[Jesper's live notes from UI Conf. Barry Schwartz really has some deep insightful psychological points, that we can actually use in our daily work as usability professionals.
His main point is that more choices actually makes choosing harder and sometimes can paralyze people. In contradiction to traditional research, he argues that, the more choices you present people to, the less satisified people will eventually be.]
Update: I recommend the notes from Luke Wroblewski if you like s short prosa of Barry Schwartz’ presentation.
The official syllogism
* More freedom means more welfare
* More choice means more freedom
* More choice means more welfare
– if there is one thing we could we couldn’t have enough of, it’s more freedom
This is the official syllogism. Everywhere in the us, we have operated as if this were true.
Barry’s cheap research
* 285 cookies
* 75 iced teas
* 275 cereals
* 40 toothpastes
* 230 soups
* 175 salad dressings (not including 12 extra virgin olive oils and 18 vinegars)
Circuit city: 6,5 million possible combinations of stereos in stock.
(amplifier, cd, equalizer, radio, etc)
To buy a phone today is really complicated. Cartoon of a phone that can do all these:
* mp3 player
* nosehair trimmer
* creme brulee torch
Choice not available: just a phone.
The same is true with healthcare (so many choices of subscription)
Also work has proven to implement:
We are free to work, at any day, at any minute to work wherever we are
Marital and family:
* “Should i get married”. No-brainer: YES
* “When should I get married”. No-brainer: As soon as possible
Every question is on the table. Married?, sooner or later?,
To summarize. Before ten commandments were written. Nowadays, it’s a [cartoon image] do-it-yourself ten commandments kit
Survey: People answer yes that there are too much to choose between.
Cars 80%, cell phones 78%, clothes 62%, …..
Paralyzed by too much choice
Buyinig jam in Palo alto
* 1 $ coupon saving
* 24 jams
* more people got to the table
* 1/10th bought more jam
* => Like having choice, but are
* 6 jams
increase efficiencies in mating ritual “and 6 months later there’s a wedding”
Finding: When you have seen more people, you make less choices
“I guess they go home and rent a video in stead”
401(K) investing [retirement plans]
* 2-3 mutual funds to choose from
* some even offere a few hundreds
Did this influence peoples participation
Despite theories on the opposite, people participated 2-3% less
I don’t know which one to choose, I’ll decide tomorrow, which in fact is no different from today. So the choice is procrastinated.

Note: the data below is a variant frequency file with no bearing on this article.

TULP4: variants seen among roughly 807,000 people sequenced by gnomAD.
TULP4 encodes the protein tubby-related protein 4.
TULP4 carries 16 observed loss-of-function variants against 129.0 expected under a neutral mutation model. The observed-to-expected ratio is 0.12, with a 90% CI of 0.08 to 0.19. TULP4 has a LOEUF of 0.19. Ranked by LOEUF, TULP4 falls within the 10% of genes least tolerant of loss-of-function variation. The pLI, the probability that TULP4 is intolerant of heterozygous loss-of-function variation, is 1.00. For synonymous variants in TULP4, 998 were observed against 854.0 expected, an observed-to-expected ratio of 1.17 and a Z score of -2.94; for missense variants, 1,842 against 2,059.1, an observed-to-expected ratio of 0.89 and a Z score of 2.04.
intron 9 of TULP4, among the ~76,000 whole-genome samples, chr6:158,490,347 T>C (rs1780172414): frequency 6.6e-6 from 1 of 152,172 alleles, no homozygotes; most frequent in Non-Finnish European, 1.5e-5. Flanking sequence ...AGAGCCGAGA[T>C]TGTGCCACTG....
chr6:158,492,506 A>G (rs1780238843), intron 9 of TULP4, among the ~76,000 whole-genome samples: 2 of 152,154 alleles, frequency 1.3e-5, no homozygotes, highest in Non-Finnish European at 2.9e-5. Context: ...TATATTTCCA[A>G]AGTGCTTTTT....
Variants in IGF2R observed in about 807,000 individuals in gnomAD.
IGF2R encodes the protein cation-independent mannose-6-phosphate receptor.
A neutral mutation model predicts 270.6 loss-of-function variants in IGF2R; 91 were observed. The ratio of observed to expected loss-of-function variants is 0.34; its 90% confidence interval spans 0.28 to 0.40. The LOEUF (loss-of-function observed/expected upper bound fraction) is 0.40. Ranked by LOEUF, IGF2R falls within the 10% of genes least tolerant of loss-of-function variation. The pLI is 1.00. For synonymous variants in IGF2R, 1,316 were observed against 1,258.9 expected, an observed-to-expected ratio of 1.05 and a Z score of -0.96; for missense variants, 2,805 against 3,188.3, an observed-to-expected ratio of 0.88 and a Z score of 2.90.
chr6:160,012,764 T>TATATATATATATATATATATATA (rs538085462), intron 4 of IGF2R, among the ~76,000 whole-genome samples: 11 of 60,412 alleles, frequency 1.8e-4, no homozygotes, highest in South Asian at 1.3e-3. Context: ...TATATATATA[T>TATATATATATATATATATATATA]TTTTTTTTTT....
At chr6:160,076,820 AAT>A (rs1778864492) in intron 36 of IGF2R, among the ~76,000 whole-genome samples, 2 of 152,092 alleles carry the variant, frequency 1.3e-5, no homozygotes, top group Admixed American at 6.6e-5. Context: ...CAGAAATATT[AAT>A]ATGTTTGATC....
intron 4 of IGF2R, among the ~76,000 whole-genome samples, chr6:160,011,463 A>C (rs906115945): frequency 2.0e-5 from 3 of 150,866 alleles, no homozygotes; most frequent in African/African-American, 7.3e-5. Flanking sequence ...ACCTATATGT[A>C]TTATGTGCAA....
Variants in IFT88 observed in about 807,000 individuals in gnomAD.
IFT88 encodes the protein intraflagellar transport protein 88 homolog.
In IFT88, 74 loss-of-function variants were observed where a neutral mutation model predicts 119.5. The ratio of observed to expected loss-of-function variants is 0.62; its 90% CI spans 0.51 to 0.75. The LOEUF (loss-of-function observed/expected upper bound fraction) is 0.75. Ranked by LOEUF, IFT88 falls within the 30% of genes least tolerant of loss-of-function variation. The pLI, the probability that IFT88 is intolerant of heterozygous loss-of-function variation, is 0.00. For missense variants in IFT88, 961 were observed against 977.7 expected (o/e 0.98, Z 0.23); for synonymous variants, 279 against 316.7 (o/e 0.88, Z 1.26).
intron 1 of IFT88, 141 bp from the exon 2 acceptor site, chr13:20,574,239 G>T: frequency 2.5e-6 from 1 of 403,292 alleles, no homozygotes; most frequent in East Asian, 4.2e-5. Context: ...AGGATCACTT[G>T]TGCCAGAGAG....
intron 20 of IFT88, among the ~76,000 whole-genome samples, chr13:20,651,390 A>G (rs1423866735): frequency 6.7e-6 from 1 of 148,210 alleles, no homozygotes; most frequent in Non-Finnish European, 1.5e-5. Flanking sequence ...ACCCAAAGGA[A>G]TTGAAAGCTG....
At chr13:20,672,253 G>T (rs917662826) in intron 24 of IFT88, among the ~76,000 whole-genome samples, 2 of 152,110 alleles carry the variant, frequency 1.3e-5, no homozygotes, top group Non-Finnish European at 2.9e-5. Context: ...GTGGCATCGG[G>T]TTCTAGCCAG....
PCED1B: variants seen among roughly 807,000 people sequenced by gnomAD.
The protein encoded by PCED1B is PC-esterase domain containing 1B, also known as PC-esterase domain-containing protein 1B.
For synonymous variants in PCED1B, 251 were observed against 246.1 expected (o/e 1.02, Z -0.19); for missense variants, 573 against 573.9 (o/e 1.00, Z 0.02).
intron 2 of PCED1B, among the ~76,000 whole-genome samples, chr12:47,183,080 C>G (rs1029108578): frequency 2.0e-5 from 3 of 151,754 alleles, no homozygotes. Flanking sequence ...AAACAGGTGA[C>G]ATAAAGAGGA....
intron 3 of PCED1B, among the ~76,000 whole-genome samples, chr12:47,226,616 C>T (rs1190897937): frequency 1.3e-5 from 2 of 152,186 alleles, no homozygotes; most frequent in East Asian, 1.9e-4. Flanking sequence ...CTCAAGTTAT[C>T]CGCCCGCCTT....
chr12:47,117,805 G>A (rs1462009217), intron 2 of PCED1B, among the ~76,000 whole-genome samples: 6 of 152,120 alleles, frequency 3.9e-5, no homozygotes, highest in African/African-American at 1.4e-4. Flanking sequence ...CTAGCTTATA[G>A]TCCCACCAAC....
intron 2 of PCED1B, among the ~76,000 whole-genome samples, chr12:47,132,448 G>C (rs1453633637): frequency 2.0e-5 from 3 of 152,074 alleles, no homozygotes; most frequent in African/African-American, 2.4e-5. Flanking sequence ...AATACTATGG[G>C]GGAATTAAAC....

After choice, you get money from your employer. The only choice which was stupid, is NOT to choose. It’s like taking a match and putting fire to a 5,000$ bill.
Cartoon: superman cannot choose, standing between 25 dresses with all the alphabet letters
which one to choose
effect on satisfaction. How satisified are people once they have chosen between 6.5million stereos?
* people mey do better
* but they may feel worse
buying jeans. presented with lots of choices
“I want the kind that used to be the only kind”. The shop assistant who was around 12, had no idea of what I was talking about
So, the more options there are, the more likely the fact that people will regret their choice.
Use an agent to katalyze choice
Separate the torture from making choices: Use an agent.
Example call a friend: “What digital camera should I buy?”
Don’t ask “which one of these three models should I choose?”
* Take other peoples advice
* Give advice
* or better: Tell people what to choose
Organ donor form example. 25% donors in the us. Triple that number for Europe. Only difference: In Europe, you sign NOT to donor your organ.
* People prefer a digtal CD player with 21 features to one with 7 (though they say it will be less usable)
* People who “build their own” add 19 features
* But people who actually use the 21-feature player first choose the simpler one
* So, people HAVE to feel the pain, to have the whilmering experience.
* Somebody still have their gadget in their box. Never used it again.
* Can’t ask people to tell you: They don’t know
* Don’t do focus groups
Conclusion: welfare is not increased with number of choices. You figure out where the sweet spot is.
[My live notes from UI Conf. All UI Conf notes. Expect updates of thes rough notes, with references, images, etc. within the first few days – this footnote will stay, though. Feel free to add comments, links to similar notes, presentations, correct quotes and add where appropriate. thanks! Also I post my pictures on Flickr tagged uiconf]